Point Reyes National Seashore, Point Reyes Station. The 33,300 acres of coastal wilderness include beaches, grasslands, marshes and forests. More than 25 varieties of wildflowers live here. Get the group together at the Bear Valley Visitor Center, the primary information hub, to get your bearings. An explosion of wildflowers gives shows at Abbotts Lagoon, a 3.2-mile hike on coastal bluffs above the Pacific Ocean. Chimney Rock Trail is another wildflower hotspot with a short 1.6-mile trail near the Point Reyes Lighthouse. Some gray whales are sighted here. Look for the California buttercup, seaside daisy, yellow flowers known as mule's ear and Blue Douglas iris. The Abbotts Lagoon is a seasoned locale for flowers with a 2-mile out-and-back hike along the lagoon. Full flushing toilet restrooms available at the visitors’ center. Stroller-friendly along fire roads. Picnic tables available. 1 Bear Valley Road, Point Reyes Station. 415-464-5100. For more information on the park’s wildflowers, check here

In addition, the Marin Chapter of the California Native Plant Society has wildflower reports on its Facebook page.  

 

  SOUTH OF SAN FRANCISCO

Edgewood County Park and Natural Preserve, Redwood City. With more than 450 acres and over 500 plant species at Edgewood, you'll be mesmerized by the diverse habitats and wildflowers. Visit the small interpretive center to begin. The five loop trails will take you on a magical journey to see the rare Bay checkerspot butterfly. Very popular is the 3.46-mile Serpentine Loop Trail, known for being flat, moderate in difficulty and best for viewing the blooms. Not recommended for strollers. Rustic-housed, co-ed flushing toilets. Weekends best bet for open men/women's bathroom facilities at education center. Free docent led wildflower walks are scheduled on weekends from March 16-June 2. See Friends of Edgewood for information on additional walks, including bird and junior explorer walks. 10 Old Stage Coach Road, Redwood City. 650-368-6283. Education center: 650-367-7576.  

 

Henry W. Coe State Park, Morgan Hill. Few realize that this is California's second largest state park at 87,003 acres, with abundant ridges, canyons, oak, pine and Manzanita, ponds and streams. Here's a heads up – every hike at Henry Coe has elevation, so make sure your kids are capable of climbing steep hills. The best thing is to start at the visitor center for hiking options, but call ahead to verify it will be open. Hearty hikers can tread the Corral Trail and connect the paths to form a 4.7-mile loop for a 2.5-hour hike. For a bounty of great colors, take the Springs/Forest Trail loop. Rangers recommend the Manzanita Point Road to see a phenomenal array of flowers, as well as the Hobbs Road trail with red-leafed Indian warrior plants. Restrooms available. Day-use fee $8. 9000 E. Dunne Ave., Morgan Hill. 408-779-2728.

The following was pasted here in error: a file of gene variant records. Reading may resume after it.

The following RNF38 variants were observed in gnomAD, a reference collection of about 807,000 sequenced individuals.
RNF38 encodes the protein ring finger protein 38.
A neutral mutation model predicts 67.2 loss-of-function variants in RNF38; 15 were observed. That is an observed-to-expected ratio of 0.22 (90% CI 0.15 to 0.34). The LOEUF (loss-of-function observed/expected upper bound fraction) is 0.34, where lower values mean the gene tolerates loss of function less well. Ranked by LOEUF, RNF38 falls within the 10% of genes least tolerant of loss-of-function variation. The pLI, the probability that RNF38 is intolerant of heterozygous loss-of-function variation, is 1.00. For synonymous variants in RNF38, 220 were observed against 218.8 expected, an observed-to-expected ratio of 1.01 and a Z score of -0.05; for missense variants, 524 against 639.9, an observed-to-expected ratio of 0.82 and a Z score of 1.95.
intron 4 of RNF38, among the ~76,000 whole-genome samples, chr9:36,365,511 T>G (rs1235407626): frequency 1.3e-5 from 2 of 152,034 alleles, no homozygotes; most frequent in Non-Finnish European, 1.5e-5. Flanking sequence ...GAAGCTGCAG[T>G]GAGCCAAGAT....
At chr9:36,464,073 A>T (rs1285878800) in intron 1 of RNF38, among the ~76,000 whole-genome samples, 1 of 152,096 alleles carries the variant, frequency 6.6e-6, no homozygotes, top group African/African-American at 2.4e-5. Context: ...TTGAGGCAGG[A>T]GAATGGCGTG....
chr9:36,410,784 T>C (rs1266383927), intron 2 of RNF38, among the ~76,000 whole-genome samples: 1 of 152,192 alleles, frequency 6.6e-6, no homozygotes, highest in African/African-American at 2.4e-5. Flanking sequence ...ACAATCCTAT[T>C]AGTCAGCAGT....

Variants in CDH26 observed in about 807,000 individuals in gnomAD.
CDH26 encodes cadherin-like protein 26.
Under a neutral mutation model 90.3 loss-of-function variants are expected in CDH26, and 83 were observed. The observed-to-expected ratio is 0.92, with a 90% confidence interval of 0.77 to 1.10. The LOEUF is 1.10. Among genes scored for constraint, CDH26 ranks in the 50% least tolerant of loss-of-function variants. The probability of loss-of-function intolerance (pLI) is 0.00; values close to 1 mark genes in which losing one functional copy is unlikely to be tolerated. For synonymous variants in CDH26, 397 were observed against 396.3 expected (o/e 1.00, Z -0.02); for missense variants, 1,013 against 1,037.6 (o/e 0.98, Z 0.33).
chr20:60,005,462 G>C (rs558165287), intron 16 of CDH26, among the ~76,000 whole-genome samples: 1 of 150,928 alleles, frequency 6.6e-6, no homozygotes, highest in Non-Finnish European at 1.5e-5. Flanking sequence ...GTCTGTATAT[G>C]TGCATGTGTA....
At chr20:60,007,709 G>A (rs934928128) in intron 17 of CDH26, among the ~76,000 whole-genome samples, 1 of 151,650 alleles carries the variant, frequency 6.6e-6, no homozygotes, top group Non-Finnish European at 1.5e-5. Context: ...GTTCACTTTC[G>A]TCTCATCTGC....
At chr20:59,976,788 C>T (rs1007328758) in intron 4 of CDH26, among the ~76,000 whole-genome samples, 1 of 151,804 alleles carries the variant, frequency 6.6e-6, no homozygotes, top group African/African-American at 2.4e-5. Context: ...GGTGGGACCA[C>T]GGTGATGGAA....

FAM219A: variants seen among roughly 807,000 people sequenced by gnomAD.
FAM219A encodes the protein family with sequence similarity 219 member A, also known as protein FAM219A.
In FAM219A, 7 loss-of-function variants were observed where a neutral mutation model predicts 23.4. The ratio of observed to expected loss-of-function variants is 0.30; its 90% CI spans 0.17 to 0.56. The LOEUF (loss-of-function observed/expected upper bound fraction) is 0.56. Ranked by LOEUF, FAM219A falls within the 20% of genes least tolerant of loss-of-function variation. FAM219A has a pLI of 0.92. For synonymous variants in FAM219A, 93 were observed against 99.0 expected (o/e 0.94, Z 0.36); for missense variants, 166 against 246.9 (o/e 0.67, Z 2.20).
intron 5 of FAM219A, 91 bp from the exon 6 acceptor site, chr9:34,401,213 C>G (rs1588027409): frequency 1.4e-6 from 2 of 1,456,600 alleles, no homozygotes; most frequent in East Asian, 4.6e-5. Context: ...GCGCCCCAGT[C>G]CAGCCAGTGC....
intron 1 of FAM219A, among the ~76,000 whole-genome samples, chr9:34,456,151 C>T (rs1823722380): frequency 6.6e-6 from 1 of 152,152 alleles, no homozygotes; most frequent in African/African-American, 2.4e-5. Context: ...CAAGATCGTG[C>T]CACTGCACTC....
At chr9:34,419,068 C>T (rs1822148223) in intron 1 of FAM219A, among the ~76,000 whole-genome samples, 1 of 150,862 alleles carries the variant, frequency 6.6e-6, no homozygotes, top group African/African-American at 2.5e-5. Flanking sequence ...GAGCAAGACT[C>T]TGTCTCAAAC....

Calero County Park, San Jose. Part of the Santa Clara County park system, Calero is located in San Jose's southernmost edge and surrounds the Calero reservoir. Pretty much everyone can handle the brief hike to the Los Cerritos Pond, less than a half-mile from the trailhead. Bigger kids can tackle the popular 2.6-mile hike that includes the Figueroa, Vallecito, Pena, and Los Cerritos trails. You'll discover the best blooms on the Chisnantuk Peak Trail, but it requires an eight-mile journey with moderate and strenuous hoofing. Not recommended for strollers. 23205 McKean Road, San Jose. 408-535-4070. 

 

Big Basin Redwoods State Park, Boulder Creek. See buttercups, shooting stars and western wake robin at this annual April exhibit of more than 50 native plants found in the western portion of Big Basin Redwoods State Park. Rancho del Oso Nature & History Center, 3600 Highway 1 at Waddell Creek, Davenport. 831-427-2288. .

 

-Kathy Chin Leong and Janine DeFao  

Want more? Watch a Southern California desert come to life with flora and fauna!